In the Wake of Charlie Hebdo: What is Free Expression and What is Not?

There has also been a significant improvement in protecting and promoting human rights. Nowadays, almost all the conflicts that the world is witnessing are related to human rights, and these conflicts are increasingly serious because many of us believe they need more rights to protect. Fundamentally, the reason why many people care so much about their beliefs and their ideologies is because they believe their lives would be more complicated and less valuable without them. Many people also think that their principles, their ideas and their beliefs are sources of hope, strength and optimism.

In many countries, young people have been included in the process of peace-building, human rights protection and democratization. Freedom of expression has always been a very delicate issue because it has to do with the beliefs and principles of many people in many ways. The most recent example is the attack on Charlie Hebdo in Paris. This event proved that personal beliefs, theories, doctrines and ideologies can be very powerful and very significant in shaping people’s personalities and behaviors. Moreover, these people can also use their ideologies to explain their actions and prove their right to do and say whatever they feel is right. The paradox here is when people explain their acts by honoring and respecting their belonging to a certain religious group or by believing in something sacred, which in this case contradicts with what they call freedom of expression, just because they choose what they believe in and they then choose to act on the name of what they believe in, creating clashes with those who have different ideas .

Because no beliefs, no principles and no ideas should grant malign and destructive sensations and actions, it is essential to keep working on the advancement of human rights by defending people’s rights to express their ideas, practice their beliefs and disagree with others, just like we give ourselves the right to express our ideas and criticize others’. The Charlie Hebdo attack in France, the flogging of the Saudi journalist Raif Badawi, the Boko Haram massacre in Nigeria and many other tragedic events we have witnessed in the last few months are obvious proofs of the strong effect that beliefs have on people’s actions. These people think that what they believe in is the most interesting doctrine that there is, and everybody should give them their attention, and that is why they tend to harm others and sometimes even take people’s lives in the name of the beliefs that they shape, modify and sometimes even invent.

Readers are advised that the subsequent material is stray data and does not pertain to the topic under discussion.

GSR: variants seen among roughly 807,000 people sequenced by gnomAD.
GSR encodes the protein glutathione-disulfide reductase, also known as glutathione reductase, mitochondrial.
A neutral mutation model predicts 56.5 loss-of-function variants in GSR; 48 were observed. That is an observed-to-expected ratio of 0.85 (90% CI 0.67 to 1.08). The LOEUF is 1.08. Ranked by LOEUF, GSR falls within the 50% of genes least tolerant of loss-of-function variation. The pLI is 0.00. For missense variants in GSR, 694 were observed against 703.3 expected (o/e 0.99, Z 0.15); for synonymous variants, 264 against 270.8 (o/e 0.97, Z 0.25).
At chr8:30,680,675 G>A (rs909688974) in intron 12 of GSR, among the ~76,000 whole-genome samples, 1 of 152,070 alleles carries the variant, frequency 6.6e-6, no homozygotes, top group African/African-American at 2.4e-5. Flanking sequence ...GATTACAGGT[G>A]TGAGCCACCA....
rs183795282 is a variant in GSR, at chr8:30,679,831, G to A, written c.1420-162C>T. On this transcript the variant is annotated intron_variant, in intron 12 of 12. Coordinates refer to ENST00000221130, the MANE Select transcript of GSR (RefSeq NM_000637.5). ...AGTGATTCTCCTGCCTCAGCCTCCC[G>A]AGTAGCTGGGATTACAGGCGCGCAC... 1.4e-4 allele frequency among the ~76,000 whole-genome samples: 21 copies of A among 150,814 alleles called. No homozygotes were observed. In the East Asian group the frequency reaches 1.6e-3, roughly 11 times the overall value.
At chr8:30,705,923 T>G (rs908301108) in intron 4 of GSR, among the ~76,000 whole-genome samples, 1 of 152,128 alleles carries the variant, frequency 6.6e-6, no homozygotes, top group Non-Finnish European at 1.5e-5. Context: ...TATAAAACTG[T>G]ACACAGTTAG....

One might wonder what the solution for this confusion can be. People who defend their rights to free expression should also let others defend their rights and express their ideas and beliefs freely and peacefully. The solution does sound simple and clear, however, what rises here is the problem of selfishness, as many people tend to reject different opinions just because they cannot live in a heterogeneous society where individuals can embrace difference and use it to enrich their communities. This is again paradoxical because these people themselves ask for their rights to respect and to free speech, which means they are also asking for difference, for tolerance and for coexistence.

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